Kevin Brockbank already knows what it’s like to be president of Spokane Community College. He’s been doing it for the better part of a year, since his predecessor resigned in July 2017.
Now Brockbank is committed to the job for the long run, having beat two other finalists who emerged from a nationwide search to lead one of the biggest two-year schools in the state. In an interview last week, Brockbank said he wants to highlight SCC’s role as a supplier of talented employees throughout the region, noting the school’s dozens of programs and its rural education centers in Colville, Inchelium, Ione, Newport and Republic.
“I would argue we’re as impactful as any institution of higher ed in the area because of our reach and our size and our scope, and all the different training areas that we provide people an opportunity to get careers in,” he said.
“I know our two medical schools get a lot of attention, and rightfully so,” he added. “But we also take a lot of pride in the fact that, when you go to the doctor’s office, you’ll see four or five SCC grads before you get to the doctor. You’re going to see SCC grads when you go get your hair cut. You’re going to see SCC grads when you get your car fixed. We take a lot of pride in our mission and our role in how we build this economy.”
Brockbank, 46, grew up in Montana and planned to become a high school business teacher while pursuing his bachelor’s degree at the University of Montana. He said it was a “right place, right time” scenario that landed him a teaching job at Helena College, a two-year school affiliated with his alma mater. He said he found it rewarding to educate older students and adults, and he hasn’t looked back.
“I think the community college provides really amazing stories and really amazing opportunities for individuals who come here,” he said. “For me, working at a two-year college is all I will ever do, and I love it here.”
After holding various leadership roles at Helena College and Missoula College, Brockbank spent two and a half years as a dean at Salt Lake Community College in Utah.
He and his wife and child moved to Spokane in July 2015, when he started as vice provost of the Community Colleges of Spokane, the district that includes SCC and Spokane Falls Community College.
In July 2017, when Ryan Carstens stepped down as SCC president after two years on the job, Chancellor Christine Johnson tapped Brockbank to take over while school officials solicited applications to fill the role permanently. Brockbank said that working out of the downtown district office had given him a taste of what both schools have to offer.
“I benefited from being in the district before I started as president,” he said, “so that was really good as far as learning curves go.”
Carla Naccarato-Sinclair, the president of the district’s faculty assembly, said SCC instructors are generally pleased that Brockbank will continue as president. He landed the permanent job, which pays about $182,000 a year, this month after a nationwide search that netted 21 qualified applicants and two other finalists.
“He took the time to understand the campus and get to know the campus, and faculty really appreciated that,” Naccarato-Sinclair said. “He seems to listen, he takes input, he responds.”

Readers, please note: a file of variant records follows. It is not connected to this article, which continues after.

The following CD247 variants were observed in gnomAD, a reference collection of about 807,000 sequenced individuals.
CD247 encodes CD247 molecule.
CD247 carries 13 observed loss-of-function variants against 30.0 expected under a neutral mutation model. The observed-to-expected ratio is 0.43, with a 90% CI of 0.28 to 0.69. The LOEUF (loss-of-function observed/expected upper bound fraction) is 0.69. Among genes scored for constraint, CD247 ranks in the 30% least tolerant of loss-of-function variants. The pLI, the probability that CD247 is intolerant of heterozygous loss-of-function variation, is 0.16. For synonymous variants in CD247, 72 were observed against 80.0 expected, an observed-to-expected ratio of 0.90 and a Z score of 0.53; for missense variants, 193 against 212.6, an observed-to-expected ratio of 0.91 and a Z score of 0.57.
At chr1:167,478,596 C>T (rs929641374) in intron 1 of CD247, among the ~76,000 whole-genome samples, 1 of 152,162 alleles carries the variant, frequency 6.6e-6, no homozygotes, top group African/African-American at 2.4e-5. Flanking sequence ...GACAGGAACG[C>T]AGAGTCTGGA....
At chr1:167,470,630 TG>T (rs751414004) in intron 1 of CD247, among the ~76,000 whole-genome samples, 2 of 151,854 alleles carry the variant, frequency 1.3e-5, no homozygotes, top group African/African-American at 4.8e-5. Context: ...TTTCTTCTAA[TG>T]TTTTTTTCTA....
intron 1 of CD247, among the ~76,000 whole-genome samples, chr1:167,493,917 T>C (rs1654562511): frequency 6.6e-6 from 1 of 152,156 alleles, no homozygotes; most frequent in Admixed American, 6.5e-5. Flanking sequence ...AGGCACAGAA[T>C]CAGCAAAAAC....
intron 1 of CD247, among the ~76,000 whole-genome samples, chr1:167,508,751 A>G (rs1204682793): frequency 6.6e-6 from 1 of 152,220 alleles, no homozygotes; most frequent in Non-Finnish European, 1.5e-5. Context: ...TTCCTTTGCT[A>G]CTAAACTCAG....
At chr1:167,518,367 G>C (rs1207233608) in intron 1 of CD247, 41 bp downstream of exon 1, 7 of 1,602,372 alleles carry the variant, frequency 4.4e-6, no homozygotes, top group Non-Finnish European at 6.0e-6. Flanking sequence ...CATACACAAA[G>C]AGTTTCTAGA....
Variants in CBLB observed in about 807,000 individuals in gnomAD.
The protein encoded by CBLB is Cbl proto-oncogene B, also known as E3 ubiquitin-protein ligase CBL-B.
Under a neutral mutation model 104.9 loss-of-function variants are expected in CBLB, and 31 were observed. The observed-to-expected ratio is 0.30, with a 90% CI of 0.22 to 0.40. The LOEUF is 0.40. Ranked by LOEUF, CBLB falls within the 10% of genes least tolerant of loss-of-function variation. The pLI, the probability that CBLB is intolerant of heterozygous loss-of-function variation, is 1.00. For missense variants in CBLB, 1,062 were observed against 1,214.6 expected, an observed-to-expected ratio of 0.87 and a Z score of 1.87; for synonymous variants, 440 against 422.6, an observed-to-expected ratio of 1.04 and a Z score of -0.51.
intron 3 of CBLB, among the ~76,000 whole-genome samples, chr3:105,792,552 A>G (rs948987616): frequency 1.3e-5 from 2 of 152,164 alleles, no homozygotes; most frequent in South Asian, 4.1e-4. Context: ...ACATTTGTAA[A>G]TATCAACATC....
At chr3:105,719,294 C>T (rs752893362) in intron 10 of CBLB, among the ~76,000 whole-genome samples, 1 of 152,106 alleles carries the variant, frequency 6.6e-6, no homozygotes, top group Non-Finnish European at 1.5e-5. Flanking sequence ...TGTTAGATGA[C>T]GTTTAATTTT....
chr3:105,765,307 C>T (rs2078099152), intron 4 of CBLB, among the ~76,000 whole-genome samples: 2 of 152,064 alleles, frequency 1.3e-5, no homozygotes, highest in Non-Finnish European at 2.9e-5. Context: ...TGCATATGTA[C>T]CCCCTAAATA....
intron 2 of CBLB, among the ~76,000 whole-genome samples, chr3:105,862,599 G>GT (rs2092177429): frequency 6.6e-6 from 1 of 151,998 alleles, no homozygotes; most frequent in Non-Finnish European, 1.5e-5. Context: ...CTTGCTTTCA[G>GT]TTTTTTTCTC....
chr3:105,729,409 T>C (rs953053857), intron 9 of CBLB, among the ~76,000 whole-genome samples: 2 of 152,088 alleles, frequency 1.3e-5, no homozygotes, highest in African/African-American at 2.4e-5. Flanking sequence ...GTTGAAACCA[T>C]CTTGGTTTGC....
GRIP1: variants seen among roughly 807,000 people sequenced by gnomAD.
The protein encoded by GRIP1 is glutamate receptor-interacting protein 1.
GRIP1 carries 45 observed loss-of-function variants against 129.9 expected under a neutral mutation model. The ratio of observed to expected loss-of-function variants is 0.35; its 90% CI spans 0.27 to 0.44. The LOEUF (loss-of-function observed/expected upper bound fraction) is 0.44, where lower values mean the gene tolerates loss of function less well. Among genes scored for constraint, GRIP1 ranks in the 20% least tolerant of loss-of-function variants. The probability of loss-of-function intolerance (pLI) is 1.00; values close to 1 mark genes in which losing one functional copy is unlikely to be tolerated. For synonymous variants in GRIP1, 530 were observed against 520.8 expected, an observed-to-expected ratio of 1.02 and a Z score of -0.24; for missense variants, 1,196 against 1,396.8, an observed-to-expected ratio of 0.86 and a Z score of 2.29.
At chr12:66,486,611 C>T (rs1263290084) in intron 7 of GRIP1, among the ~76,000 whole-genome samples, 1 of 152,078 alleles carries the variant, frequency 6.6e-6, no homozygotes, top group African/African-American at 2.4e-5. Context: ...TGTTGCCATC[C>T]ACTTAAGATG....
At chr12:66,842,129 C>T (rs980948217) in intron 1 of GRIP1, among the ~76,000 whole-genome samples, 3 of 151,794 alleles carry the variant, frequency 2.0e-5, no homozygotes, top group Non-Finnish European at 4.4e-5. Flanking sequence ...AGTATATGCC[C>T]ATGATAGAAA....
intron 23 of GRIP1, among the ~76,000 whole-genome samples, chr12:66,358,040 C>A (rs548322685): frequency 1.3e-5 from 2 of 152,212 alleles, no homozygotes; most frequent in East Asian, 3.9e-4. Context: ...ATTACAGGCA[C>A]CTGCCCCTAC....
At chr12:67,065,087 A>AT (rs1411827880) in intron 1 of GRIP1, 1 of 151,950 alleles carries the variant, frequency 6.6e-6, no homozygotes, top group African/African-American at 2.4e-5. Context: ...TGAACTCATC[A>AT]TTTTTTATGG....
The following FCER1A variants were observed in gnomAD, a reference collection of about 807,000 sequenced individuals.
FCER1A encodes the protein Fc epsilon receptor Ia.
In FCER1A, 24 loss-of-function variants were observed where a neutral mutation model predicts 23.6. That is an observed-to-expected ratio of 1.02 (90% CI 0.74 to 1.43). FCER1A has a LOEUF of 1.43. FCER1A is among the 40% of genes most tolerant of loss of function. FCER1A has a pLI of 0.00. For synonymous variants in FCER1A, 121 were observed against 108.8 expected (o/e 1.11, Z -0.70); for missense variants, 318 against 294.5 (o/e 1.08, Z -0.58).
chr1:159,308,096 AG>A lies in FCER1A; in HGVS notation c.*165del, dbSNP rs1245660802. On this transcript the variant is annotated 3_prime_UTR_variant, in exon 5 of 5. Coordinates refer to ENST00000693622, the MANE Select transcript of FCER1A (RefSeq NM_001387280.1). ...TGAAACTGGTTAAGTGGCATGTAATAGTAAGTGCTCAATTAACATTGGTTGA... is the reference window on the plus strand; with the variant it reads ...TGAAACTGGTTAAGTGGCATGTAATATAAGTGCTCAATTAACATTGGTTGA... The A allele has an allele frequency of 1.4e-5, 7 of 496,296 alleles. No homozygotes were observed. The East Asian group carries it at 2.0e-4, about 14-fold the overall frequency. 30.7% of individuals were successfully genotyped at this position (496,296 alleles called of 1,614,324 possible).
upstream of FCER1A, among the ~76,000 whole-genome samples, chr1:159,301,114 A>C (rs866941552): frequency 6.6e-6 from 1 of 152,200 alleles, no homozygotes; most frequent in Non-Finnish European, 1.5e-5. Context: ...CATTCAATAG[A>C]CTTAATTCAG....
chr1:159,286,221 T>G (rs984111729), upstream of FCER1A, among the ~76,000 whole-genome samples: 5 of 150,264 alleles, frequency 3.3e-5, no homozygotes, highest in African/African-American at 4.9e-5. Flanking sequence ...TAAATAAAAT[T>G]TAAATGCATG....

The past few years have been tumultuous for SCC and SFCC. The flawed, expensive rollout of a new computer system called ctcLink, for example, contributed to friction among school and district leaders that was reflected in a faculty survey last spring.
Budget challenges forced SFCC to move its Pullman branch onto the Washington State University campus last year, and that school recently grappled with revelations of alleged sexual harassment by Darren Pitcher, who served as acting president for about eight months before resigning in February. A recent search for a permanent SFCC president was unsuccessful, and the school’s current acting president, Nancy Fair-Szofran, is expected to continue in that role until July 2019. Brockbank said he intends to focus on challenges at SCC, such as keeping up enrollment at a time when fewer and fewer people are choosing to attend college.
“When the economy is strong, students sometimes are less likely to take two years out of their life to go and do programs,” he said. “But the issue with that becomes, you may get a job, but you maybe not are getting a career. We want students to come here and get careers.”
Another challenge, Brockbank said, will arise when the North Spokane Corridor extends past the SCC campus in northeast Spokane. To accommodate the new highway and the traffic it will bring, SCC is beginning to reconfigure its campus with a $25 million renovation and expansion of its largest building, Building 1, which sits closest to Mission Avenue.
Additionally, Brockbank said SCC would work harder to promote its online and hybrid courses. He said the average SCC student is about 35 years old and has life obligations that don’t mesh well with a full schedule of traditional classes.
“We’re easily the leader in the region for serving adult students. A lot of what we do is recognize all the different things in life that our adult students have, whether that’s mortgages and kids, you know, other obligations,” he said. “We also have a new generation of student coming here that has different expectations for the use of technology and flexibility in taking courses.”
Brockbank said he enjoys Spokane in part because it reminds of him of where he grew up in Montana.
“Oftentimes getting a presidency is difficult, and I got a presidency in a place that feels like home, and is close to where I grew up, and is a great fit for my family,” he said. He said he intends to stay at SCC “for a long time.”
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